Florida International University President Mark Rosenberg is firmly and effectively cracking down on Greek life at his school. The good news is other institutions of higher learning in the state are taking a hard look at fraternity culture, too.
But Rosenberg deserves praise for tackling the frat problem head-on and sending a strong message that fraternities have to do better if they want to continue to exist.
These are hard times for these student organizations, and often because they brought the difficulties upon themselves. Universities across the country are suspending fraternity and sorority chapters in response to troubling — and sometimes deadly — incidents on campus. They have sparked a national conversation about the future of Greek organizations, which some students defend.
At FIU, fraternities were seemingly out of control. A fraternity’s leaked group chat revealed photos of nude women, Holocaust memes, jokes about rape and pedophilia and conversations about drug sales. They’ve been caught serving liquor to minors at tailgate parties.
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After a month-long suspension of the groups, FIU announced this week that the campus chapters of 16 Greek organizations have been reinstated. But they won’t return to business as usual.
Real change is on the way. During the suspension, administrators, Greek organization leaders and alumni met in search of ways to curb the bad behavior. Frat life needs to evolve out of the 1950s — or die.
Rosenberg’s first solid act: banning alcohol from all fraternity and sorority events for the rest of the semester. Good move. Keeping liquor away from a campus is going to be really, really hard. But alcohol is too often the common denominator when a frat tragedy occurs, so Rosenberg’s edict wisely goes right to the source.
Two troubled fraternities have been suspended for two years. A third, Pi Kappa Phi, was suspended for an as-yet-undetermined amount of time.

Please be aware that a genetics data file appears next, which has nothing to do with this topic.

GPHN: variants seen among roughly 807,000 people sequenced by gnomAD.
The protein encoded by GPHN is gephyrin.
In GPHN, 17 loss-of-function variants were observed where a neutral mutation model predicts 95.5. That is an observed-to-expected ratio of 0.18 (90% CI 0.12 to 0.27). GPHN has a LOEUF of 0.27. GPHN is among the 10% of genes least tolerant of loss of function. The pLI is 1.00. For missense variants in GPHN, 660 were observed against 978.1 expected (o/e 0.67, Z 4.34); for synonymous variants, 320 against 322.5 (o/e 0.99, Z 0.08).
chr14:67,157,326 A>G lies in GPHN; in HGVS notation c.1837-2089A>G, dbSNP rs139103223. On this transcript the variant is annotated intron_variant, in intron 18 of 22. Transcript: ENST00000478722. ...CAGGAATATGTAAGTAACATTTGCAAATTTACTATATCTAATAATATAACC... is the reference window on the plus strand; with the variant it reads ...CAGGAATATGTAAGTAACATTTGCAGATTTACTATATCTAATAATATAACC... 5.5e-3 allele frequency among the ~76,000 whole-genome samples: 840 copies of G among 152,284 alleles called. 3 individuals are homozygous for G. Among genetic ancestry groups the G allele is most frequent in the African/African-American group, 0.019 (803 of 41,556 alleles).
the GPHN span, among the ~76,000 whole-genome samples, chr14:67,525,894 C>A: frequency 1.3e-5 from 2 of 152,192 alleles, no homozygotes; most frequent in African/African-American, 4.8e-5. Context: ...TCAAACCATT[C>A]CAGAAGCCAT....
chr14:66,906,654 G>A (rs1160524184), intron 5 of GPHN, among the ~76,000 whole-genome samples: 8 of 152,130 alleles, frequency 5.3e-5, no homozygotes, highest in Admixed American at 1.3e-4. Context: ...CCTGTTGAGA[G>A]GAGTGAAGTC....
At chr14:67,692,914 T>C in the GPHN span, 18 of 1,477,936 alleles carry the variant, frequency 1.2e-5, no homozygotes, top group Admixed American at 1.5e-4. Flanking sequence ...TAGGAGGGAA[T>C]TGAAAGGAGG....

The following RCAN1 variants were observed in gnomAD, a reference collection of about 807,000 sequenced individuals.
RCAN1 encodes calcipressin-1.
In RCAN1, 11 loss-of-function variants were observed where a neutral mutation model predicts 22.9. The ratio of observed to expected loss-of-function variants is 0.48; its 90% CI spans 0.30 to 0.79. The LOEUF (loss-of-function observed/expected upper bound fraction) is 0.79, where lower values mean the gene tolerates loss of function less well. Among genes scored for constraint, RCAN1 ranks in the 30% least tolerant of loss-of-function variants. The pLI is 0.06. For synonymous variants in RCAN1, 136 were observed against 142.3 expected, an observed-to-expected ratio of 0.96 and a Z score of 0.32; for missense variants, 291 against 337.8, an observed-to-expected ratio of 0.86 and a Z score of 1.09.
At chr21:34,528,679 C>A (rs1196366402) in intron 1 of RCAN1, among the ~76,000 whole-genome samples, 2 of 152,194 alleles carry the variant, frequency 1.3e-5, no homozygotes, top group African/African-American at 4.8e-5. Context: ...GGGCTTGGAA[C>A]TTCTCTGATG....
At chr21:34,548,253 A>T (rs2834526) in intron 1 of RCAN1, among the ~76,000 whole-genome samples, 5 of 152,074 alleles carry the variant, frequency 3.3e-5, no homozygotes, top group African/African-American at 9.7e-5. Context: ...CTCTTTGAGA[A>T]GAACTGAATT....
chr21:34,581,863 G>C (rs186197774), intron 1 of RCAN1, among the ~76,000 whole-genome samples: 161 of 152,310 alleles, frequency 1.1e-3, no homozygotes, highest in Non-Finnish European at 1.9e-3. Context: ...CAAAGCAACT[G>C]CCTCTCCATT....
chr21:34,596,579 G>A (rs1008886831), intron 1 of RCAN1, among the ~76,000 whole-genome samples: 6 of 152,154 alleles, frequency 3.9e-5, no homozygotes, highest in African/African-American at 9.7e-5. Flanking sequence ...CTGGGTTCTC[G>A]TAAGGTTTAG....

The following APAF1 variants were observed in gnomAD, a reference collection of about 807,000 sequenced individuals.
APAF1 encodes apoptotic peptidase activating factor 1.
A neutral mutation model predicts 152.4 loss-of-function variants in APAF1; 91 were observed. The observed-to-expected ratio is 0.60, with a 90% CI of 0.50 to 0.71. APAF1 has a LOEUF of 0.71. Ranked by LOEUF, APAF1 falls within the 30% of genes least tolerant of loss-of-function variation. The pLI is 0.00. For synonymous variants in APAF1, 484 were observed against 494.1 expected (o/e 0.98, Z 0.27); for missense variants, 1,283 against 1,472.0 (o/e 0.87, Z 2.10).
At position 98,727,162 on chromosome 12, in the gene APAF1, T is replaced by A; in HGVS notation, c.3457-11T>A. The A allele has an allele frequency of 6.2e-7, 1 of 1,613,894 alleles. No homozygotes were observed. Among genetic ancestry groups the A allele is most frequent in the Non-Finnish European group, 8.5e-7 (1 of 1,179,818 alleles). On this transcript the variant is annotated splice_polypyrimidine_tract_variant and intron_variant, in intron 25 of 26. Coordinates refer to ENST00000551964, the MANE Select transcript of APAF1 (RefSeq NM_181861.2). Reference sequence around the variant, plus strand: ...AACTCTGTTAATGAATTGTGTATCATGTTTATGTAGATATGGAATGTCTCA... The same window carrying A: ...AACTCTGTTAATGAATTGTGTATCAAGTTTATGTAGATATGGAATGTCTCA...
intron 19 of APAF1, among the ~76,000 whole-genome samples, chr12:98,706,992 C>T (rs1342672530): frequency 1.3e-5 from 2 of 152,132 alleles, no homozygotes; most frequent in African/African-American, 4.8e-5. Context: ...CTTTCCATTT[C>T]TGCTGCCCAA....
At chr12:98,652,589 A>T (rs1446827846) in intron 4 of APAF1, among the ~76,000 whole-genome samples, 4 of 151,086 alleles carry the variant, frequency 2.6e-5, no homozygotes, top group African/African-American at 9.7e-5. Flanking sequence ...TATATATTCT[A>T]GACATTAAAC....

“The fate of Greek life has been hanging by a thread, and this pause gave us the opportunity to recommit to our values and end the age of permissiveness and ambiguity that has hung over our Greek organizations for far too long,” Rosenberg said. Those aren’t the words of a scold, or a prude. Rather, they represent the responsibility campuses have not to be parties to illegal or dangerous behavior.
The days of looking the other way in response to bad behavior in Greek life should be over. And like FIU, universities are getting more aggressive as the death count grows.
November saw the shocking death of a pledge to the Pi Kappa Phi chapter at Florida State University. Andrew Coffey, 20, a graduate of Pompano Beach High School, was found dead. FSU said, Enough, and suspended Greek life.
In 2011, FAMU was hit with the hazing death — beating death, really — of a marching band newbie. Offenders received prison time, and deservedly so.
At the University of Miami, the future of fraternities and their oversight are also being debated.
There, hazing is strictly prohibited, according to the dean of students, but a Miami Hurricane student newspaper editorial recently said the practice “is common knowledge among students and needs to be discussed.” The university has hosted workshops and town hall meetings on the issue. That’s the correct course.
Done right, frat life is a rewarding and life-long bonding experience for students. But they are becoming an anachronism in a #MeToo world.
Rosenberg is on the right track in his efforts to rein in fraternities.